Congratulations, you have decided to buy your first road bike. What seemed like such an easy decision only a second ago now seems like an endless list of options, models and colours. It’s just like the milk isle in your supermarket. Sure, they all come from a cow and will taste similar, but do you need the added calcium bottle, the folate enriched option, or perhaps milk with omega 3? In this article, I’ll outline what you need to look for in buying your first road bike, and how to navigate all the options.
Number 1: Bike Fit
On the most basic of levels, it determines how comfortable you will be. Even the shortest of rides are enough for a poor fit to ruin your ride. The advantage of buying a bike from a reputable bike store is that they will take the time to fit the bike up to your body shape. It might seem insignificant, but a poor fit can lead to muscle imbalance if you’re over-working a certain muscle group due to (but not limited to a too big bike/ too small bike, seat height/ angle issues, reach to the handlebars too far etc). It might also lead to knee problems if you are putting lateral stress through your knees. Remember that when you’re cycling, you are rotating your knees over and over again, thousands of times an hour. Any misalignment can quickly add up and wear your joints out prematurely.
Number 2: Priorities
Given a set budget, there are certain things on a bike you should prioritise. Those priorities are:
The biggest single influence on the weight of the bike and how it rides. The more you spend here, the lighter and more responsive the bike will be. This is also the single most expensive part of the bike to replace, so make sure you are happy with your choice.
The next biggest influence on how a bike will behave. Lighter wheels reduce rotational weight, making your bike feel more alive and will allow you to accelerate quicker.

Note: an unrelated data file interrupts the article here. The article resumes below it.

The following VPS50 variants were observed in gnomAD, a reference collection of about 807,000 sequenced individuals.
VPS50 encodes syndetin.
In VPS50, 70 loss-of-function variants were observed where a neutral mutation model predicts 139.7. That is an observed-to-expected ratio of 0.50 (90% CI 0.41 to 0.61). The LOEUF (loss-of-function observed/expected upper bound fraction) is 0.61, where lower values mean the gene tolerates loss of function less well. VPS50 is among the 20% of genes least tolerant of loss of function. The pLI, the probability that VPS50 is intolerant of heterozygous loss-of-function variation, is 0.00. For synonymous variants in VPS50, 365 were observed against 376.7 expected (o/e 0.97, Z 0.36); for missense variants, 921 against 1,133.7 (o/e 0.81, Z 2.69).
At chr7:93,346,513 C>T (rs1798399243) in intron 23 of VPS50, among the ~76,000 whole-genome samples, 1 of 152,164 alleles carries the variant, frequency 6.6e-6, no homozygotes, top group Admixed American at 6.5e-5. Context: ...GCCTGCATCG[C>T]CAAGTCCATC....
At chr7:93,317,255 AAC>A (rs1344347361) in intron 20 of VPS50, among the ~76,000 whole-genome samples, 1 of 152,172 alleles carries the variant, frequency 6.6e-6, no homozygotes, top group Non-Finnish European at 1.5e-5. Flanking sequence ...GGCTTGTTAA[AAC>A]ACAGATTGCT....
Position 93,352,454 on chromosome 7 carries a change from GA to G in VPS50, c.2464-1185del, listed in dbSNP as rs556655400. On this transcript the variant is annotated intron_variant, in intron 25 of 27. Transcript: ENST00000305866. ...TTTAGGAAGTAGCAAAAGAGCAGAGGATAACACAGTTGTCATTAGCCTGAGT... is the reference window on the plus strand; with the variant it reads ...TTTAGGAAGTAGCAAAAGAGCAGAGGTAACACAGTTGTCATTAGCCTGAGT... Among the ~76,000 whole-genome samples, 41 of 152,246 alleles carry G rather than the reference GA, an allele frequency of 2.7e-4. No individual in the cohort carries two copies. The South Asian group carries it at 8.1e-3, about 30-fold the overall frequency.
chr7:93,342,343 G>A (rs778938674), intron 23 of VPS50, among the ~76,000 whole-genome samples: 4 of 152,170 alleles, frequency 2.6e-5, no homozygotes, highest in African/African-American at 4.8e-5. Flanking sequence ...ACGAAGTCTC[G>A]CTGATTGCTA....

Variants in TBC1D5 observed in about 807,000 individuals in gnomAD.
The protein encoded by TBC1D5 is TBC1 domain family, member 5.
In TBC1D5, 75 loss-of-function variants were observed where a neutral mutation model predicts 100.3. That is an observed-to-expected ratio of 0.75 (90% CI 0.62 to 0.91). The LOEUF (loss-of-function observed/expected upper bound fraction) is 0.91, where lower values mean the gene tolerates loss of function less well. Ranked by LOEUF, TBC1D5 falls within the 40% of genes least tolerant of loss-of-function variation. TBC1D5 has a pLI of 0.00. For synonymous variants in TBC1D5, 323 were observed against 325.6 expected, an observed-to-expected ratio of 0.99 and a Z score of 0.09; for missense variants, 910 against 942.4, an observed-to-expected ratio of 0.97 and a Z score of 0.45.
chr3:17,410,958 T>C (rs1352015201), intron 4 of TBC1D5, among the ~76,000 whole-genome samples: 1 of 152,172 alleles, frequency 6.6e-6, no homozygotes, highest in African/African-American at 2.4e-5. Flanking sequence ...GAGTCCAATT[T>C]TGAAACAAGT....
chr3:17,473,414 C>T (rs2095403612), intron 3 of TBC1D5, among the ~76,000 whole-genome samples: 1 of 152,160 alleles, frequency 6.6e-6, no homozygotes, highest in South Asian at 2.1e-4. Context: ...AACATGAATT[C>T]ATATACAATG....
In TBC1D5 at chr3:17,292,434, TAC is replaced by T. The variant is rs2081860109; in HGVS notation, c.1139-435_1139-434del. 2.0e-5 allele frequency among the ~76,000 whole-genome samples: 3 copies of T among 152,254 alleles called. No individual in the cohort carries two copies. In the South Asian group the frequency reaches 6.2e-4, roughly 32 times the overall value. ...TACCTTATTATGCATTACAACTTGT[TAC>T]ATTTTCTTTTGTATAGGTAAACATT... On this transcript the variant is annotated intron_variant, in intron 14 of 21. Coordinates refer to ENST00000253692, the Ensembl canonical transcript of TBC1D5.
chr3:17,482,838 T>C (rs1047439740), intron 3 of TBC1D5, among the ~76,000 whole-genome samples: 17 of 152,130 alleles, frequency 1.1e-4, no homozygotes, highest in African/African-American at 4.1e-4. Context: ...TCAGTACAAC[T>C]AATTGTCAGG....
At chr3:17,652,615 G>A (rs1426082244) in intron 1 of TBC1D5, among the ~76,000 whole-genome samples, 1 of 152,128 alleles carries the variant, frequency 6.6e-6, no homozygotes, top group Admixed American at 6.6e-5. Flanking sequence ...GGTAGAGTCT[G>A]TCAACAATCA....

By groupset, we refer to the gears, brakes, chain and handlebar shifters that make up your gearing. There are three main manufacturers here: Shimano, Campagnolo and Sram. Which you choose is down to personal preference. The difference between the different models will be in materials used, their weight and serviceability. Individual components are cheaper to replace if they wear out, or you decide to upgrade later on.
Individual components can usually be swapped out by the bicycle store at time of purchase for a nominal price and will come down to personal preferences in terms of colours, shapes, and materials.
Remember that bike manufacturers will typically use lower quality components around the bike to keep the price low. The best example is the seat. Good seats cost more money to manufacture than cheaper seats and as such, the seat you typically get with a bike might not be the best seat for you. Ironically this is one of the most important parts of the bike for your comfort. Check out my previous two articles on choosing the right bike seat for your anatomy here.
Bikes don't generally come with pedals, so you will need to decide whether you will go clipless (special shoes with a cleat (adapter bolted onto your shoe that clips into the pedal)) or flat pedals. Clipless pedals are more efficient because you can pull up on the pedals and push down at the same time rather than just push down like on a flat pedal. However depending on how serious you want to go, choosing flat pedals might be better for your circumstances. If you do go down the clipless path, you will need special shoes. There are two styles, one has a hard plastic sole and the other type has a carbon fiber sole. Carbon is stiffer and aids in power transfer...it also costs more.
In terms clothing, if you are going to buy lycra (and i'd recommend it), you will need at least two pairs of knicks and tops. Lycra is more comfortable than loose clothing because it follows your body and doesn't chaff you as you cycle. Remember you are pedalling repeatedly so the tiniest seam in your normal pants can lead to serious discomfort. And you don't wear underwear under your knicks as they have a built in chamois that takes care of padding. Buy bib knicks over half knicks (the shoulder strap ones that look like they are out of Borat). Reason is that the straps keep them in place when you move around the seat so they move around less (less chaffing), and as they don't need a waist band, and thus won't compress your stomach. All of the serious bike riders have this type of knick.
Hopefully this will give you pointers into what to look for when choosing a bike. Any specific questions on brands or this topic, please comment and I will respond.